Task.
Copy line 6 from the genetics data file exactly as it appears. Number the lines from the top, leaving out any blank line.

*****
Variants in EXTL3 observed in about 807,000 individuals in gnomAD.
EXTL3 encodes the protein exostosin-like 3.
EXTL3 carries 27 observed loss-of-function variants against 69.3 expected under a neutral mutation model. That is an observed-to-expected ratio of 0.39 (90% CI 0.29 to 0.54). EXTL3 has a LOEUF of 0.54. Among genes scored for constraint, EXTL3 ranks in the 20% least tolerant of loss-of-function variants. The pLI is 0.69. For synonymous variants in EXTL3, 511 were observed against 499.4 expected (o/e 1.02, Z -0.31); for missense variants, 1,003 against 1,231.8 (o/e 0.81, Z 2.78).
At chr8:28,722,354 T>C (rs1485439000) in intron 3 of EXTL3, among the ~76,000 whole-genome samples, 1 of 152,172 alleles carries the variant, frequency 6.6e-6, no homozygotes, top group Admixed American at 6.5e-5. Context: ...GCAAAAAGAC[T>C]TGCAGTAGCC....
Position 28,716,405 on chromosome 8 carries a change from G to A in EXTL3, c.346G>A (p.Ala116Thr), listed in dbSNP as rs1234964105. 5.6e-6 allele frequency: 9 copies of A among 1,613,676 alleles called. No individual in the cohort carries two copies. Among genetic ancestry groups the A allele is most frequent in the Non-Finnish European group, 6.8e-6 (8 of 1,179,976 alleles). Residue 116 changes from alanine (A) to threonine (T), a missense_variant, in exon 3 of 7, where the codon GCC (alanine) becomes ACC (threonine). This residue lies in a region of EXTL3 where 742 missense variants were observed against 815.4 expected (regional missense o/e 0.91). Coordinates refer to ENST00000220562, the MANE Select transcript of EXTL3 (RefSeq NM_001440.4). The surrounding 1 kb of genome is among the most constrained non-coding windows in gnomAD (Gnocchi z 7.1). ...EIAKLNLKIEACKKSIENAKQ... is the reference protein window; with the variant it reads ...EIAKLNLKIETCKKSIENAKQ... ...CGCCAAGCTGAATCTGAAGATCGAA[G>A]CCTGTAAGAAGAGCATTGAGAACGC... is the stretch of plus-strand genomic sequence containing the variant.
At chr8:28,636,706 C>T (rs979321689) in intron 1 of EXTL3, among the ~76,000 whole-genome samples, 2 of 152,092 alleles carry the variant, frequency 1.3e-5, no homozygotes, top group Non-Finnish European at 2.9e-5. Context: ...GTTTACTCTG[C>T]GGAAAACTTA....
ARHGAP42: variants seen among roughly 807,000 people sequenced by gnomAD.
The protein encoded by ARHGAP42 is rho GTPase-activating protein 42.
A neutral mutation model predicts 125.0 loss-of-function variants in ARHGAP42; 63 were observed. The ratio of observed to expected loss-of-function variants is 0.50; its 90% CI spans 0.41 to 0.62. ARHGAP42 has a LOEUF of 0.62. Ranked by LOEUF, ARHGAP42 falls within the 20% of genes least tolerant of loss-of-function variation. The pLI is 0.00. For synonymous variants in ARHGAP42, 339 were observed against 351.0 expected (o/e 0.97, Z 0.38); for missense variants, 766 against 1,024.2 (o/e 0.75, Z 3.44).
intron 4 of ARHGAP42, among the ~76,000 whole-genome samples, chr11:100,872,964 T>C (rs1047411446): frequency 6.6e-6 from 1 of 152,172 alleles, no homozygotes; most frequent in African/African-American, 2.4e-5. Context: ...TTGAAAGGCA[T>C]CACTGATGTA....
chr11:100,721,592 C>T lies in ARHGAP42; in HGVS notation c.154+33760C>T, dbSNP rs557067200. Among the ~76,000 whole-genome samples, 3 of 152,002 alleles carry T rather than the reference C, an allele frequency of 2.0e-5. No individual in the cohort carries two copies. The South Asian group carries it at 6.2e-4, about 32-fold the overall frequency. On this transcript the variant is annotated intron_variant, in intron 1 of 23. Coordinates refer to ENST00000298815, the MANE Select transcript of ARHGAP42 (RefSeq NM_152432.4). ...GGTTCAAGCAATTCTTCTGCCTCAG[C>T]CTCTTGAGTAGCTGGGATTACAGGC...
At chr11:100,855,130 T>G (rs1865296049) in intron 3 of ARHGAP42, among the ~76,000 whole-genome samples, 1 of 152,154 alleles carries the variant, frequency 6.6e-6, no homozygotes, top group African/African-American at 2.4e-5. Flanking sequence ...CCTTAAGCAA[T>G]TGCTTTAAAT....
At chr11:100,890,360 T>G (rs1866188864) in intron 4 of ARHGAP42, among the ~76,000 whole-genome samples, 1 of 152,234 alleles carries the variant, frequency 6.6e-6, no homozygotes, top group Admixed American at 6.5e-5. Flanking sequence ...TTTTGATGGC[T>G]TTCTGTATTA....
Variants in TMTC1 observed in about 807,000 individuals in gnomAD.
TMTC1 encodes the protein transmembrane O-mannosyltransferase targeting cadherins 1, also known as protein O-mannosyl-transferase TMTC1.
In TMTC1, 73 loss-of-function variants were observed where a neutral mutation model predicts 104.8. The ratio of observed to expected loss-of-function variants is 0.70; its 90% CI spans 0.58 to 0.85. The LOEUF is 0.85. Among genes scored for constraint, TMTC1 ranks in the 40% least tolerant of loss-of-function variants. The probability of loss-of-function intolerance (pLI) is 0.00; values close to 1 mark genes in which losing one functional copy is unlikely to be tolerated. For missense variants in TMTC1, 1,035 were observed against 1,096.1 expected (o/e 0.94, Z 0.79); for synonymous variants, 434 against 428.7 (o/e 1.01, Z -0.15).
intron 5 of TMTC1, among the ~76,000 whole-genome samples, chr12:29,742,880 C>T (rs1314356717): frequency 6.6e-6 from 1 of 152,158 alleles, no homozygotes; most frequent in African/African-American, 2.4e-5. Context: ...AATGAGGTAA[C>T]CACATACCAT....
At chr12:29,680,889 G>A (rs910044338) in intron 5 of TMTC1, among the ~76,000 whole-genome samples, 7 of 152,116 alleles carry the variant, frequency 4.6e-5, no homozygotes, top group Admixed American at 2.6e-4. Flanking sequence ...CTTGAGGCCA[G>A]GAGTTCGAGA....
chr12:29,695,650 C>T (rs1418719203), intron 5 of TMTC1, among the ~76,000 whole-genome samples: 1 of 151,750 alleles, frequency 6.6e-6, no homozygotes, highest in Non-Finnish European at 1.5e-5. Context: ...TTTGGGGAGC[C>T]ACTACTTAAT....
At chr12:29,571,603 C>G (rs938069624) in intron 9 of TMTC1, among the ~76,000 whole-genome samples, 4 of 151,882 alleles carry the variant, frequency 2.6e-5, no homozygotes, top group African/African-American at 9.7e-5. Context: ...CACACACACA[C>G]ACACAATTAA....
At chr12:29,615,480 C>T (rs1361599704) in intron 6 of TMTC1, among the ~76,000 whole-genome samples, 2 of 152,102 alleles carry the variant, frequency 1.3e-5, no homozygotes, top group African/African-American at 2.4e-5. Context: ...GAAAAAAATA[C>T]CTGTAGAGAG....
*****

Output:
At chr8:28,636,706 C>T (rs979321689) in intron 1 of EXTL3, among the ~76,000 whole-genome samples, 2 of 152,092 alleles carry the variant, frequency 1.3e-5, no homozygotes, top group Non-Finnish European at 2.9e-5. Context: ...GTTTACTCTG[C>T]GGAAAACTTA....